The Humility of Travel
Santa Ana, Honduras
“I’m a thousand miles away from home,
Standing in the rain.
A thousand miles away from home,
Just waiting on a train.”
-Jimmy Rogers “Waiting on a Train.”
Travel—especially travel internationally—builds humility. In a foreign land, you’re off your own turf, you’re bad at the language, ignorant of local customs and culture.
You’re dependent on strangers and new friends to lead you around by the hand, keeping you out of trouble.
You’re eating new food and using new manners (eating left-handed in much of the world is taboo.) As you dine, you wonder what it is that you’re really eating and if it will make you sick later.
We ‘uni-lingual’ Americans view ourselves as “world levelers” and the master of all circumstances. Yet you drop one of us in the midst of a foreign country and we’re often at the mercy of a smiling eight-year old who speaks four languages and has mercifully decided to rescue ‘the gringo.’
Our command of the world’s greatest language (Ha!) is useless as we stare at a menu in a rural Chinese province, ask for directions on Honduran highway, or bargain over the price in a Sumatran market.
Our wonderful American dollar is worthless and unknown once you really get off the beaten path. There are no ATMs in the Ethiopian highlands and credit cards are often unusable deep in Africa’s Zululand.
Once we travel outside our “comfort zone,” our new surroundings quickly humble us.
However, learning humility is not a bad thing. As my mother often reminded me, a good dose of humility never hurt anyone.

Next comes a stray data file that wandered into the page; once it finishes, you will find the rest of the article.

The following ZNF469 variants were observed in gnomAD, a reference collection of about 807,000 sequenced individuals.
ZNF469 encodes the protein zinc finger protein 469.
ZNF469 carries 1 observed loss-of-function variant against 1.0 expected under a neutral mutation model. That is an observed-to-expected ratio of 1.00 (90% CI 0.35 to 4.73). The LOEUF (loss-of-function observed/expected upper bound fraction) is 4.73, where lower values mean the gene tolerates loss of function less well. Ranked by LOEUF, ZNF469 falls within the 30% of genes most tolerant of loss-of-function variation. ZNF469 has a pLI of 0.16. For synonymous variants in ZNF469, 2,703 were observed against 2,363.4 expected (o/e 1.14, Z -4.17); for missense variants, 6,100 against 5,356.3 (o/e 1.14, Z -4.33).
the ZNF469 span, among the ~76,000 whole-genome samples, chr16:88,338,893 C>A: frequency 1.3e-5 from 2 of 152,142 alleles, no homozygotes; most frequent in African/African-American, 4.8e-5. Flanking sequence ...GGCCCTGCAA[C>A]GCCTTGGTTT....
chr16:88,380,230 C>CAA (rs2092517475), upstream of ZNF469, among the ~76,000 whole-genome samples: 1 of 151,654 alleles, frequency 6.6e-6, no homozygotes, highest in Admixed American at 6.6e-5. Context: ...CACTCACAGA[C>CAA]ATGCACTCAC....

Well, I’ll close these thoughts because I really have to find a bathroom—or as they say in Spanish “banos.” Residents laugh at the way I say it, (Not one sound is the same in Spanish as in English.), but that’s no big deal: they laugh at my every attempt to be conversant.
Yesterday, I finally located the banos in a restaurant. I carefully examined the ancient blinking neon light that was over the door. Only when I entered did I realize I was in the wrong place. The shoes under the stall doors all belonged to ladies. I sprinted out of there hoping no one saw me. Looking up, I realized the winking light said, “damas” not banos.
I imagined how the headline would’ve read, “Gringo arrested as ‘Peeping Tom’ (or ‘Peeping Tomas’) at local eatery.”
I then found the banos for us callaberos or hombres or whatever you call us.
Yes, humility travels with every foreign traveler. And I’m convinced it’s ‘mu bein’—a good thing.
To read my all-time favorite ‘wrong bathroom’ story, read below.
Mural at Tegucigalpa’s El Patio cafe. Notice the neon sign for the callaberos.